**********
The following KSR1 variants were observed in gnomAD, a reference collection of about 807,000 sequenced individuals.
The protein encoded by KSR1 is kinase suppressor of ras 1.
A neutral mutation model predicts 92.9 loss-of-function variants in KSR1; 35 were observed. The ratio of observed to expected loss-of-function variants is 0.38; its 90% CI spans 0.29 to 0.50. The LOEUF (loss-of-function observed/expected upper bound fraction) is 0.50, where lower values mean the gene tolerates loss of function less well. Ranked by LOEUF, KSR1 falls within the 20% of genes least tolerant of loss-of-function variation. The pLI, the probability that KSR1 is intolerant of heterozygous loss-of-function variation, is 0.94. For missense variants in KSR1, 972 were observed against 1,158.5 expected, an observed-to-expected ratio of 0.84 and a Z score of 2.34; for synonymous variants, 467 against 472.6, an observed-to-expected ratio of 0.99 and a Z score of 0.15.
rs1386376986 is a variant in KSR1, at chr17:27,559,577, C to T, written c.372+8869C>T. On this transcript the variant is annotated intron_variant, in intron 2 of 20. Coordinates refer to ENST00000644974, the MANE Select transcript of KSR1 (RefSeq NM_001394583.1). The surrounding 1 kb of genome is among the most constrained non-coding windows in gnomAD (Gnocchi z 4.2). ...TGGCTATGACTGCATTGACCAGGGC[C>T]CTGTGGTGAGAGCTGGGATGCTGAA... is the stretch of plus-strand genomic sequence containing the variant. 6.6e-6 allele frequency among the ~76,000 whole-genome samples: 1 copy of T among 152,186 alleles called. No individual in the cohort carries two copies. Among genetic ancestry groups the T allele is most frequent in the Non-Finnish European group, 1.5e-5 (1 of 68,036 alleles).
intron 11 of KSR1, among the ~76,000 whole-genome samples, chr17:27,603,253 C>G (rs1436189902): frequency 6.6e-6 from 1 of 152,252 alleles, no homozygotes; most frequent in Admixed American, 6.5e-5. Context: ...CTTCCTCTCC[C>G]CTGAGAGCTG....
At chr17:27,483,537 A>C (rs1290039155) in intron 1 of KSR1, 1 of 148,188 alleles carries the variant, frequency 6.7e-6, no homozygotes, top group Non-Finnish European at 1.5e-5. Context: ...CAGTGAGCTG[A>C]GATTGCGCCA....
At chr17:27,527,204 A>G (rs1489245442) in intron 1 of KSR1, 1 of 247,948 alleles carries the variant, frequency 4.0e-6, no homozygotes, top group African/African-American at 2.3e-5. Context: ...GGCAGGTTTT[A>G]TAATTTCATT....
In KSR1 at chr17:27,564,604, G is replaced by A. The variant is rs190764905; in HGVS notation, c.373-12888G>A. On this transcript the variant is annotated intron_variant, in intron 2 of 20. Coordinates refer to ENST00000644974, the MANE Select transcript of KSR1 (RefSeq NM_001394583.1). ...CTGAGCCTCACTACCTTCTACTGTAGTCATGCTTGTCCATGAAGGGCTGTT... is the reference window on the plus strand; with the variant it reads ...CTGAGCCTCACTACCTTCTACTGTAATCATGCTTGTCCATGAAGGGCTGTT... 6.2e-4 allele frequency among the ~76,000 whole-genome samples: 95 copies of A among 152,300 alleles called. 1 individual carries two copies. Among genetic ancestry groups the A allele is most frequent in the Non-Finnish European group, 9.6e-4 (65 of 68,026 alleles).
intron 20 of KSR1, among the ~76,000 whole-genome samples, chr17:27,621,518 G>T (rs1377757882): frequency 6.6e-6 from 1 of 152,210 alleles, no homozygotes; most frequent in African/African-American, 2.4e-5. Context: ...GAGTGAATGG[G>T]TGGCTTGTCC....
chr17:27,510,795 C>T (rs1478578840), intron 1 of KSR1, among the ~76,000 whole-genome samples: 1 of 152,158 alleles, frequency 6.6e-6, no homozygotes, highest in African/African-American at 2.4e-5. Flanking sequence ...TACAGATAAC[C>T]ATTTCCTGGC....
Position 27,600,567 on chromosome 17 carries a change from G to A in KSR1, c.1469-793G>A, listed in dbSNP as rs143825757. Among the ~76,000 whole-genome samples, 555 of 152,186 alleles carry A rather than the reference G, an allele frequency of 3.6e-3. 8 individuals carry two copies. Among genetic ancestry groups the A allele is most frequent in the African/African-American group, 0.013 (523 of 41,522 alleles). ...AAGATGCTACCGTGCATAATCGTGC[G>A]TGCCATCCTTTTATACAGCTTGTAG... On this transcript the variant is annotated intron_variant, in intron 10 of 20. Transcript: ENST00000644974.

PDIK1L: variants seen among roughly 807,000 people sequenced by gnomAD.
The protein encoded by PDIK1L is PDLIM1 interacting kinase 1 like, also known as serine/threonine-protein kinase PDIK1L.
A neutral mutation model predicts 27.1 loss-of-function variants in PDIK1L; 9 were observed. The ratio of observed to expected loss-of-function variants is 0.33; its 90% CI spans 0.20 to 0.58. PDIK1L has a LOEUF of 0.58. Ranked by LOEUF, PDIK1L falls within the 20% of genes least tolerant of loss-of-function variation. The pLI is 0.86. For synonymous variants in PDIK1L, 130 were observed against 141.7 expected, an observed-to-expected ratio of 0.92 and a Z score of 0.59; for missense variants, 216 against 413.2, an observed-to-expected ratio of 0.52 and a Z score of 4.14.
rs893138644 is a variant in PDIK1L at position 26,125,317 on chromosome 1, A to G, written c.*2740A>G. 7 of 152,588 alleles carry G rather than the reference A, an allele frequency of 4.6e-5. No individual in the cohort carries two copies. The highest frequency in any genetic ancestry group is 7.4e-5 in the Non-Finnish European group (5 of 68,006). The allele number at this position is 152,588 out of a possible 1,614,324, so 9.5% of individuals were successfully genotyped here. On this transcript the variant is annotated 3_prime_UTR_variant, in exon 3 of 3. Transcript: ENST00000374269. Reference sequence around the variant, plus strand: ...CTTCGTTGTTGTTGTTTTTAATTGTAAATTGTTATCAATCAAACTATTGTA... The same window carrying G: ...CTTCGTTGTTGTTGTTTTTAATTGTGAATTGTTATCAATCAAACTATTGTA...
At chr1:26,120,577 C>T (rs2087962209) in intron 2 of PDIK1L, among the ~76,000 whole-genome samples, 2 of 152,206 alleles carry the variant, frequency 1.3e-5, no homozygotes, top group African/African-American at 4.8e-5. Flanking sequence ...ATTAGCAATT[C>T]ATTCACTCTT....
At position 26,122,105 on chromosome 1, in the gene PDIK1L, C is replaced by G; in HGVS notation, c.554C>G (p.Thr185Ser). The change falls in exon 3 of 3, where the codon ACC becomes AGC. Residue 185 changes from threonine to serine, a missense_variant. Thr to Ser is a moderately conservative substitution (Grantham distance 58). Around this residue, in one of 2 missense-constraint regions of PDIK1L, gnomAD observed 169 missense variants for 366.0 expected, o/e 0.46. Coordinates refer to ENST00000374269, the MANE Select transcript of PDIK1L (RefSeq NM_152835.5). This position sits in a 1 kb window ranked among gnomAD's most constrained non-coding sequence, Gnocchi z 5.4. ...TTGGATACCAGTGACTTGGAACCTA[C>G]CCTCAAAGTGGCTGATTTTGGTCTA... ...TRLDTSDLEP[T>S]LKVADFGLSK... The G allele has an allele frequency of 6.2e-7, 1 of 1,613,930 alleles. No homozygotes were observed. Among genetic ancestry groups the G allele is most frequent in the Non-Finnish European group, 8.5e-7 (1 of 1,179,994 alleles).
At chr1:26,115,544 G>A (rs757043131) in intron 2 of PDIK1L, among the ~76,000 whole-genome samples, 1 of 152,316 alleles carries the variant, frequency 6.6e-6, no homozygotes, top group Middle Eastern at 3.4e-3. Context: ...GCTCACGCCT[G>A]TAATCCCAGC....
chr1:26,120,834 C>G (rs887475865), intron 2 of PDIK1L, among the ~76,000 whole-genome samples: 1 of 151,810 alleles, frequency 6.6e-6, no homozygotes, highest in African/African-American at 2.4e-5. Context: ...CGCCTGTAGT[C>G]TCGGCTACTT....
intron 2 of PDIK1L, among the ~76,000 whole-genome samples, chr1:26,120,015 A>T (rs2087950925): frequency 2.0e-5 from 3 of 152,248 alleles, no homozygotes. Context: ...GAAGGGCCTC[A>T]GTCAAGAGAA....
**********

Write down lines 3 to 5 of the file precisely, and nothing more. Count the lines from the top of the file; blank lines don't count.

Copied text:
A neutral mutation model predicts 92.9 loss-of-function variants in KSR1; 35 were observed. The ratio of observed to expected loss-of-function variants is 0.38; its 90% CI spans 0.29 to 0.50. The LOEUF (loss-of-function observed/expected upper bound fraction) is 0.50, where lower values mean the gene tolerates loss of function less well. Ranked by LOEUF, KSR1 falls within the 20% of genes least tolerant of loss-of-function variation. The pLI, the probability that KSR1 is intolerant of heterozygous loss-of-function variation, is 0.94. For missense variants in KSR1, 972 were observed against 1,158.5 expected, an observed-to-expected ratio of 0.84 and a Z score of 2.34; for synonymous variants, 467 against 472.6, an observed-to-expected ratio of 0.99 and a Z score of 0.15.
rs1386376986 is a variant in KSR1, at chr17:27,559,577, C to T, written c.372+8869C>T. On this transcript the variant is annotated intron_variant, in intron 2 of 20. Coordinates refer to ENST00000644974, the MANE Select transcript of KSR1 (RefSeq NM_001394583.1). The surrounding 1 kb of genome is among the most constrained non-coding windows in gnomAD (Gnocchi z 4.2). ...TGGCTATGACTGCATTGACCAGGGC[C>T]CTGTGGTGAGAGCTGGGATGCTGAA... is the stretch of plus-strand genomic sequence containing the variant. 6.6e-6 allele frequency among the ~76,000 whole-genome samples: 1 copy of T among 152,186 alleles called. No individual in the cohort carries two copies. Among genetic ancestry groups the T allele is most frequent in the Non-Finnish European group, 1.5e-5 (1 of 68,036 alleles).
intron 11 of KSR1, among the ~76,000 whole-genome samples, chr17:27,603,253 C>G (rs1436189902): frequency 6.6e-6 from 1 of 152,252 alleles, no homozygotes; most frequent in Admixed American, 6.5e-5. Context: ...CTTCCTCTCC[C>G]CTGAGAGCTG....